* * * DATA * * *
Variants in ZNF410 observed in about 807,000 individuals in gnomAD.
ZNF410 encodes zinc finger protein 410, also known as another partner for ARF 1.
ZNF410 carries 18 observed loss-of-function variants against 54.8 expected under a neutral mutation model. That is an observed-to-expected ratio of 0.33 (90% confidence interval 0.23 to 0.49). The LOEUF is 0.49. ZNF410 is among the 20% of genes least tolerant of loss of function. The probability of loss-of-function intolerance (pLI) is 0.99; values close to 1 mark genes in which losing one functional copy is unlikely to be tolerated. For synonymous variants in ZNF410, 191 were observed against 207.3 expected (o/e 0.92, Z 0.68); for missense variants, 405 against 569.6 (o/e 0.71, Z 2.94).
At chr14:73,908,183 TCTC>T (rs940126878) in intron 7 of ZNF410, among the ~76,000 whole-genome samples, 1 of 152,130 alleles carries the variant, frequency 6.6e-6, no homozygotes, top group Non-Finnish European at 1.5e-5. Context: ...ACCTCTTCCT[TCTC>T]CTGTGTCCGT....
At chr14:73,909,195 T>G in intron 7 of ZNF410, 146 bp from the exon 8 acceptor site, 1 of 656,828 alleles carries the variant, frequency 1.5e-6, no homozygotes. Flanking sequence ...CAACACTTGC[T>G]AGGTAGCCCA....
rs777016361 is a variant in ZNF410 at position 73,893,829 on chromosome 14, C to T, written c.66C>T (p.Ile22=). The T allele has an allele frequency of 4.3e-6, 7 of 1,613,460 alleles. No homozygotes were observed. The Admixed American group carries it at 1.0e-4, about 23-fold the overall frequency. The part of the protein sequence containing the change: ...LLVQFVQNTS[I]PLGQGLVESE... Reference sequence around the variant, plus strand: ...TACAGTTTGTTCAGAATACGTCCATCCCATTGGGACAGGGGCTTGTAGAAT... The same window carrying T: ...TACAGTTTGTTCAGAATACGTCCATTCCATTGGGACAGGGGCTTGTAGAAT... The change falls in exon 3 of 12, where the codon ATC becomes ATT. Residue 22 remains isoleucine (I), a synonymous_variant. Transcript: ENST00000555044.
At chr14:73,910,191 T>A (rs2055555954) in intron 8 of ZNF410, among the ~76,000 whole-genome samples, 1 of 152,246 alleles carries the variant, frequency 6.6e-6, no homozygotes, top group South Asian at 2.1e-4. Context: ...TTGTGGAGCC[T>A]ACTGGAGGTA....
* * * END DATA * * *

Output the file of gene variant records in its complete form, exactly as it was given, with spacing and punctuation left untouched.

Variants in ZNF410 observed in about 807,000 individuals in gnomAD.
ZNF410 encodes zinc finger protein 410, also known as another partner for ARF 1.
ZNF410 carries 18 observed loss-of-function variants against 54.8 expected under a neutral mutation model. That is an observed-to-expected ratio of 0.33 (90% confidence interval 0.23 to 0.49). The LOEUF is 0.49. ZNF410 is among the 20% of genes least tolerant of loss of function. The probability of loss-of-function intolerance (pLI) is 0.99; values close to 1 mark genes in which losing one functional copy is unlikely to be tolerated. For synonymous variants in ZNF410, 191 were observed against 207.3 expected (o/e 0.92, Z 0.68); for missense variants, 405 against 569.6 (o/e 0.71, Z 2.94).
At chr14:73,908,183 TCTC>T (rs940126878) in intron 7 of ZNF410, among the ~76,000 whole-genome samples, 1 of 152,130 alleles carries the variant, frequency 6.6e-6, no homozygotes, top group Non-Finnish European at 1.5e-5. Context: ...ACCTCTTCCT[TCTC>T]CTGTGTCCGT....
At chr14:73,909,195 T>G in intron 7 of ZNF410, 146 bp from the exon 8 acceptor site, 1 of 656,828 alleles carries the variant, frequency 1.5e-6, no homozygotes. Flanking sequence ...CAACACTTGC[T>G]AGGTAGCCCA....
rs777016361 is a variant in ZNF410 at position 73,893,829 on chromosome 14, C to T, written c.66C>T (p.Ile22=). The T allele has an allele frequency of 4.3e-6, 7 of 1,613,460 alleles. No homozygotes were observed. The Admixed American group carries it at 1.0e-4, about 23-fold the overall frequency. The part of the protein sequence containing the change: ...LLVQFVQNTS[I]PLGQGLVESE... Reference sequence around the variant, plus strand: ...TACAGTTTGTTCAGAATACGTCCATCCCATTGGGACAGGGGCTTGTAGAAT... The same window carrying T: ...TACAGTTTGTTCAGAATACGTCCATTCCATTGGGACAGGGGCTTGTAGAAT... The change falls in exon 3 of 12, where the codon ATC becomes ATT. Residue 22 remains isoleucine (I), a synonymous_variant. Transcript: ENST00000555044.
At chr14:73,910,191 T>A (rs2055555954) in intron 8 of ZNF410, among the ~76,000 whole-genome samples, 1 of 152,246 alleles carries the variant, frequency 6.6e-6, no homozygotes, top group South Asian at 2.1e-4. Context: ...TTGTGGAGCC[T>A]ACTGGAGGTA....